In an email, Paul J. Browne, the university’s vice president of communications, insisted that Notre Dame had not flip-flopped. After the Trump administration’s October announcement, “we believed that insurance companies would discontinue no-cost coverage for contraceptives for employees at the end of the year,” he said, and “since then, we learned that they would continue such coverage.” The real problem was not with third-party insurers, he said. The problem was the government. “In the previous administration, the federal government took it upon itself to determine which institutions were sufficiently Catholic (parishes, for example) and which were not (universities),” he wrote. “That was unacceptable.”
Jenkins restated this objection to government interference in his annual address to the faculty senate on Tuesday night. The birth-control mandate “was the result not of legislative process but administrative decree,” he said. If religious organizations can’t take exceptions to federal policies, he said, “then they have lost any meaningful religious freedom in the face of the imposition of governmental power.”
Religious-freedom advocates, however, saw the school’s stance as a reversal. “Notre Dame spent five years suing the federal government for the right to provide moral health insurance,” wrote Ryan Anderson, a senior research fellow at the Heritage Foundation, on Twitter. “They now have that right. And they’re choosing not to exercise it. They’re choosing to provide immoral health insurance. Shameful. Scandalous.” McGraw, the Wheaton professor, also observed that the university’s decision may give judges license to doubt the sincerity of other religious groups’ objections.
But the bigger concern, McGraw said, is cultural. “Institutions, when they make these kinds of religious-liberty claims, are almost always pushing back against popular sentiment,” he said. As religious bodies push back against cultural norms, particularly around sex and sexuality, Notre Dame’s lack of steadfastness makes it “much more difficult … to be willing to take the cultural pressure.”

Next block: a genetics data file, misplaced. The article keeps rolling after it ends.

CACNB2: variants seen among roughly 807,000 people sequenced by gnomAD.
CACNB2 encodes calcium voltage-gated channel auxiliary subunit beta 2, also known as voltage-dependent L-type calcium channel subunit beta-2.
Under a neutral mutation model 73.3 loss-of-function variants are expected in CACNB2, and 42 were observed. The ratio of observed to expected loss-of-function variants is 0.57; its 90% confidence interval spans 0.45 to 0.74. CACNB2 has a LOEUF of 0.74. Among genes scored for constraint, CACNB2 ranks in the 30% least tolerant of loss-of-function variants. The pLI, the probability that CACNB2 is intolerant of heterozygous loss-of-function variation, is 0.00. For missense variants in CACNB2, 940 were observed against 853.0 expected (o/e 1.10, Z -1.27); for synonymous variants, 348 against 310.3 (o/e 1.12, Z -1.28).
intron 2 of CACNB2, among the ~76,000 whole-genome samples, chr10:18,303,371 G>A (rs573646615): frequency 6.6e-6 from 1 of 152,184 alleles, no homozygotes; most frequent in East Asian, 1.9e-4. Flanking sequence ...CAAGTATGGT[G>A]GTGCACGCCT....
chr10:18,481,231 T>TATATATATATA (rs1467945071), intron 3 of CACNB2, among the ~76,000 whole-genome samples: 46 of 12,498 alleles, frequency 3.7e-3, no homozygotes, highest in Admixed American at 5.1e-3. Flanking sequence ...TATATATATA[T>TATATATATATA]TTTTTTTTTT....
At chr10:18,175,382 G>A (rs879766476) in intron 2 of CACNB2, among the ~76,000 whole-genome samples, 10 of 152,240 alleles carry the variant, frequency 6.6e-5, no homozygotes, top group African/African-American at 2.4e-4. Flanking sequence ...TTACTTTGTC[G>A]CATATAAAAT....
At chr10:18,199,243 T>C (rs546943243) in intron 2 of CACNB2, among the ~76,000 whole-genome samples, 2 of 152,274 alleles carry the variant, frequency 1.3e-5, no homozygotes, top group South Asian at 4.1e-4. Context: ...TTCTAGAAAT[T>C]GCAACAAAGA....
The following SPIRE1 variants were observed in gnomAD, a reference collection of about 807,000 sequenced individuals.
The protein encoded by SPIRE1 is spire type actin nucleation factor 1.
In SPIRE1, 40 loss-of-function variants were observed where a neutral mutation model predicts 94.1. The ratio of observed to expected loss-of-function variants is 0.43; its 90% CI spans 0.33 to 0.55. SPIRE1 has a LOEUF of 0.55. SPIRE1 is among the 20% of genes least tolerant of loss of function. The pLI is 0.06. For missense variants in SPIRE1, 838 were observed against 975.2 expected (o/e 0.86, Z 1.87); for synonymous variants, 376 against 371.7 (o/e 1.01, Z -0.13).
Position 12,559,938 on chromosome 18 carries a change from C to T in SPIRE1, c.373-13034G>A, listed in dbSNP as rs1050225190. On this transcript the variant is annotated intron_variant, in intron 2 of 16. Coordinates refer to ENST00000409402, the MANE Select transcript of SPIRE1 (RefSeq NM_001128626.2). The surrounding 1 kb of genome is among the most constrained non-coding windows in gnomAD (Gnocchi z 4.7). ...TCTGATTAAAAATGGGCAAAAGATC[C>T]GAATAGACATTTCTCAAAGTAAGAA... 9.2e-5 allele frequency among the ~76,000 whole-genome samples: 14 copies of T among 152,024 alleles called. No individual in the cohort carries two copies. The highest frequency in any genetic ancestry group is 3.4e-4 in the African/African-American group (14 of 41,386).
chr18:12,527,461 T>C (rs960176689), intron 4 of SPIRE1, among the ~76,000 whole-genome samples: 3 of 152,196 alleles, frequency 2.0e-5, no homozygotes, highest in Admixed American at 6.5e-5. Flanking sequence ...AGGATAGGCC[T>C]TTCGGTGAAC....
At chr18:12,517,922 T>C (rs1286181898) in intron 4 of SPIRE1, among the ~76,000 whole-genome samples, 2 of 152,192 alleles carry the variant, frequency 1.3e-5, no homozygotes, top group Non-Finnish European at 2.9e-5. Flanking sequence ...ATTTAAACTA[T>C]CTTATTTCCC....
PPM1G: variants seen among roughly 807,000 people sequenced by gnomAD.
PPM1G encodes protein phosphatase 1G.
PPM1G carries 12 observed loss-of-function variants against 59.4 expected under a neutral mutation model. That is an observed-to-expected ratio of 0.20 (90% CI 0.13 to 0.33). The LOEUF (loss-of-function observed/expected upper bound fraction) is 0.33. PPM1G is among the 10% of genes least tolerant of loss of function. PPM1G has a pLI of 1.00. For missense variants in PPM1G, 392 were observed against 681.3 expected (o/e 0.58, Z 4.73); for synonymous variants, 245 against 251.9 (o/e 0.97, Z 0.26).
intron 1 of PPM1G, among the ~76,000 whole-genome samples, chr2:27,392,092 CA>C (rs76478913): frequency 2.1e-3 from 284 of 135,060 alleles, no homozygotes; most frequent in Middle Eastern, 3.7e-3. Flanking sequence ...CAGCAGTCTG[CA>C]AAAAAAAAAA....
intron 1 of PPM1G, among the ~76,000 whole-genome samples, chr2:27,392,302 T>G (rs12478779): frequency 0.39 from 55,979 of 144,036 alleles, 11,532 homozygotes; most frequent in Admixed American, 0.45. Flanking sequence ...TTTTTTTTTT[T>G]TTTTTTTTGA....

Notre Dame claims it made its decision out of respect for the pluralism of its community, but it’s not clear how seriously administration officials engaged with concerns about the university’s birth-control policy. In general, there’s not much of a protest culture on campus, said Kristin Shrader-Frechette, a professor of philosophy and biological sciences, because “most students are afraid of sabotaging their recommendations or careers.” Those who do protest—especially on controversial issues like this—might be subject to disciplinary action, raising free-speech concerns, said Gretchen Reydams-Schils, a professor in the program of liberal studies.
The faculty has also been divided—and, in some cases, vocally opposed to Notre Dame’s actions. “None of the stories [have] captured just how much protest, complaint, and outrage was generated by faculty, students, and alums over that decision,” wrote Sarah McKibben, an associate professor of Irish language and literature, in an email. “Many of us have been very upset about this for a long time. Believe me, NO ONE tells you that you’ll be subject to conservative Catholic doctrine for your health care when you are being wooed for a job here.”